N2 - Knowledge of the surface geometry of an imaging subject is important in many applications. This information can be obtained via a number of different techniques, including time of flight imaging, photogrammetry, and fringe projection profilometry. Existing systems may have restrictions on instrument geometry, require expensive optics, or require moving parts in order to image the full surface of the subject. An inexpensive generalised fringe projection profilometry system is proposed that can account for arbitrarily placed components and use mirrors to expand the field of view. It simultaneously acquires multiple views of an imaging subject, producing a cloud of points that lie on its surface, which can then be processed to form a three dimensional model. A prototype of this system was integrated into an existing Diffuse Optical Tomography and Bioluminescence Tomography small animal imaging system and used to image objects including a mouse-shaped plastic phantom, a mouse cadaver, and a coin. A surface mesh generated from surface capture data of the mouse-shaped plastic phantom was compared with ideal surface points provided by the phantom manufacturer, and 50% of points were found to lie within 0.1mm of the surface mesh, 82% of points were found to lie within 0.2mm of the surface mesh, and 96% of points were found to lie within 0.4mm of the surface mesh.

AB - Knowledge of the surface geometry of an imaging subject is important in many applications. This information can be obtained via a number of different techniques, including time of flight imaging, photogrammetry, and fringe projection profilometry. Existing systems may have restrictions on instrument geometry, require expensive optics, or require moving parts in order to image the full surface of the subject. An inexpensive generalised fringe projection profilometry system is proposed that can account for arbitrarily placed components and use mirrors to expand the field of view. It simultaneously acquires multiple views of an imaging subject, producing a cloud of points that lie on its surface, which can then be processed to form a three dimensional model. A prototype of this system was integrated into an existing Diffuse Optical Tomography and Bioluminescence Tomography small animal imaging system and used to image objects including a mouse-shaped plastic phantom, a mouse cadaver, and a coin. A surface mesh generated from surface capture data of the mouse-shaped plastic phantom was compared with ideal surface points provided by the phantom manufacturer, and 50% of points were found to lie within 0.1mm of the surface mesh, 82% of points were found to lie within 0.2mm of the surface mesh, and 96% of points were found to lie within 0.4mm of the surface mesh.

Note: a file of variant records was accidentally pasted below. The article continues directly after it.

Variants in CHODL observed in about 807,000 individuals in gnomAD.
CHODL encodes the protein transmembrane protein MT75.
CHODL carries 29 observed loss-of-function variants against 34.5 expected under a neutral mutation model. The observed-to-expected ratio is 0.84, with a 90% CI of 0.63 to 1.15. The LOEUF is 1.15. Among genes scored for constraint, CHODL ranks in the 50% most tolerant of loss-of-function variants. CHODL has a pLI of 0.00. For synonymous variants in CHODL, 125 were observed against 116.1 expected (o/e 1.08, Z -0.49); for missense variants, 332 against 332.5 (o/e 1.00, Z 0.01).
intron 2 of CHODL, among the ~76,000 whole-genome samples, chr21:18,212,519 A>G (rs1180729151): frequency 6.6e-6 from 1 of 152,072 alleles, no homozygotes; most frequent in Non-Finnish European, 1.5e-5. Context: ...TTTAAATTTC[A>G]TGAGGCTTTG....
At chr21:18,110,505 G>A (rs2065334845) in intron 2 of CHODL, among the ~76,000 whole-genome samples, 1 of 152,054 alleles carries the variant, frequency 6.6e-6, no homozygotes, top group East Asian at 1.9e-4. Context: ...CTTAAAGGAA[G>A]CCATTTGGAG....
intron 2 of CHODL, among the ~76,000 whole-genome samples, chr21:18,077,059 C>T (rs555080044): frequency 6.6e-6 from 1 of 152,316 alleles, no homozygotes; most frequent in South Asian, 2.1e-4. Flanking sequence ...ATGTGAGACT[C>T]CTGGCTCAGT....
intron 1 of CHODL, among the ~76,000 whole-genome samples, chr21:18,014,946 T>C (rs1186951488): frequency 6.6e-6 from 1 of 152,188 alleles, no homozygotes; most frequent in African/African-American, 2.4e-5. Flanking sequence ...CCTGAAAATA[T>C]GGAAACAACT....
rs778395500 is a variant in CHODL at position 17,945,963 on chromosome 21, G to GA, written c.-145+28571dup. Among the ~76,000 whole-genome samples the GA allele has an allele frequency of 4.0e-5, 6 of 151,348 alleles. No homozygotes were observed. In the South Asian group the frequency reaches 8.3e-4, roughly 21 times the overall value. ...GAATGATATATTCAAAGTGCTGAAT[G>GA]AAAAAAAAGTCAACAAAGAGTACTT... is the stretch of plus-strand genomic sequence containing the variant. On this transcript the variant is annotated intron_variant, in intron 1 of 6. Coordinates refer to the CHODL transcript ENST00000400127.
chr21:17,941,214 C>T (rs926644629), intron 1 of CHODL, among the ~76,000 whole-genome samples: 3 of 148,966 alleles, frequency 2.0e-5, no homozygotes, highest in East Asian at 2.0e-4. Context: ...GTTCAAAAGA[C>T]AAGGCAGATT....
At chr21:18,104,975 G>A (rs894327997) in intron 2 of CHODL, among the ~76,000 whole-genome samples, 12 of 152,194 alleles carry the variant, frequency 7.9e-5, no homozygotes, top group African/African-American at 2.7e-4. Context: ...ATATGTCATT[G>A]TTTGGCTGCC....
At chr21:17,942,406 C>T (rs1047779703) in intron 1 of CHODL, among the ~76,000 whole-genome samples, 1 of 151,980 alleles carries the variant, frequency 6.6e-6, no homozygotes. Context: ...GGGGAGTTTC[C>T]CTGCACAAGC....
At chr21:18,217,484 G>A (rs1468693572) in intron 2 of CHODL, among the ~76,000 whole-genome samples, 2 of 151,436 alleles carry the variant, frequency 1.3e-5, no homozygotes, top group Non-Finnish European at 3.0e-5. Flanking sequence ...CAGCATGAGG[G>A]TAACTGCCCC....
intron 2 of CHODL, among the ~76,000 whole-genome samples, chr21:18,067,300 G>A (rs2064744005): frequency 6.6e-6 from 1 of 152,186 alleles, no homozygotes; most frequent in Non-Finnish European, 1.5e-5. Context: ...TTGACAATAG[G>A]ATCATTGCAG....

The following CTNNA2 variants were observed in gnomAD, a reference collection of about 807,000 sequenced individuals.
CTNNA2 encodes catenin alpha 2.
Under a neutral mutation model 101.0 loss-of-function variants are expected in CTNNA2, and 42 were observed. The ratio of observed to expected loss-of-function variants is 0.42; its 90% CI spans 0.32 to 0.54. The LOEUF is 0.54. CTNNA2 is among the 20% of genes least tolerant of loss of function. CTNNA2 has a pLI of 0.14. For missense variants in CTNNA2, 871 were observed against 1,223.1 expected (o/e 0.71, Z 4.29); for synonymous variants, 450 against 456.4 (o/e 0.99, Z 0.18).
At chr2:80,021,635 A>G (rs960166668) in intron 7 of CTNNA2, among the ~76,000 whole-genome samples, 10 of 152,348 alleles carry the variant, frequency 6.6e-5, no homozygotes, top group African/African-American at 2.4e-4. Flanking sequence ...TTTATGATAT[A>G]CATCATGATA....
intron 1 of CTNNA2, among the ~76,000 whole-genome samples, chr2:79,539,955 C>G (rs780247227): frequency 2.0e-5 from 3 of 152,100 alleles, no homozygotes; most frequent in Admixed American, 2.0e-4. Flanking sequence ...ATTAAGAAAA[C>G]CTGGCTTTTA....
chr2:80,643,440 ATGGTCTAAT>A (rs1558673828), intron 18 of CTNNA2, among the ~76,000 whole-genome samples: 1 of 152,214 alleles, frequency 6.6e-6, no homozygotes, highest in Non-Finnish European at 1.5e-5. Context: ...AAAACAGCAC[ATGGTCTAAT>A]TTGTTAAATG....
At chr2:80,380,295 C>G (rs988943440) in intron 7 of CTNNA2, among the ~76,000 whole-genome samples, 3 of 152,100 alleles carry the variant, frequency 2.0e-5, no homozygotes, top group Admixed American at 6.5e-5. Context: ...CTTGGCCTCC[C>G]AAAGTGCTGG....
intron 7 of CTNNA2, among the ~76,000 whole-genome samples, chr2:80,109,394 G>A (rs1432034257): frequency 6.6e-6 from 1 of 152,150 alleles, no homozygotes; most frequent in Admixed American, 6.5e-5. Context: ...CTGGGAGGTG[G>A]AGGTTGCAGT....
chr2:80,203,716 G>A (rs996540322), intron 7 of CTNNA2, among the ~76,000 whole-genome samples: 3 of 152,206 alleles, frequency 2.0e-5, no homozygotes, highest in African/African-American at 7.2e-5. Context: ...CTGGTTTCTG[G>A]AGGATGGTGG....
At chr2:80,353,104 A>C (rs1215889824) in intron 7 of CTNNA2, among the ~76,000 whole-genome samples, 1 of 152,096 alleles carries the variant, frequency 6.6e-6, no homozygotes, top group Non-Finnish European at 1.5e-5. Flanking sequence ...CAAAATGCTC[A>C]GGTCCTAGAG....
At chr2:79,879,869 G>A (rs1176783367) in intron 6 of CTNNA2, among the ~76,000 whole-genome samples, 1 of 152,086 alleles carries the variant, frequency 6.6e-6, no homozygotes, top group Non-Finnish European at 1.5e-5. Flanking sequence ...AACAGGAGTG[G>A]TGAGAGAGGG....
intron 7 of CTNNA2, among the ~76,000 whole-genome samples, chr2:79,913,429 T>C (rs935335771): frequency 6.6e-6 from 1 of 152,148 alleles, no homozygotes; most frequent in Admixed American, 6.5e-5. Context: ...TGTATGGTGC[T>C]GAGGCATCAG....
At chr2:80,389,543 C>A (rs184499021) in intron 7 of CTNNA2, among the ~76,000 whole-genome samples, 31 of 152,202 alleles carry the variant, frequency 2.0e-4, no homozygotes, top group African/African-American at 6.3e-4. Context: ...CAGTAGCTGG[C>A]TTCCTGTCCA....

KW - Animals

KW - Cadaver

KW - Equipment Design

KW - Equipment Failure Analysis

KW - Humans

KW - Image Enhancement

KW - Lenses

KW - Light

KW - Lighting

KW - Mice

KW - Models, Theoretical

KW - Tomography, Optical Coherence

U2 - 10.1364/OE.21.007222

DO - 10.1364/OE.21.007222

M3 - Article

VL - 21

SP - 7222

EP - 7239

JO - Optics Express

JF - Optics Express

SN - 1094-4087

IS - 6

ER -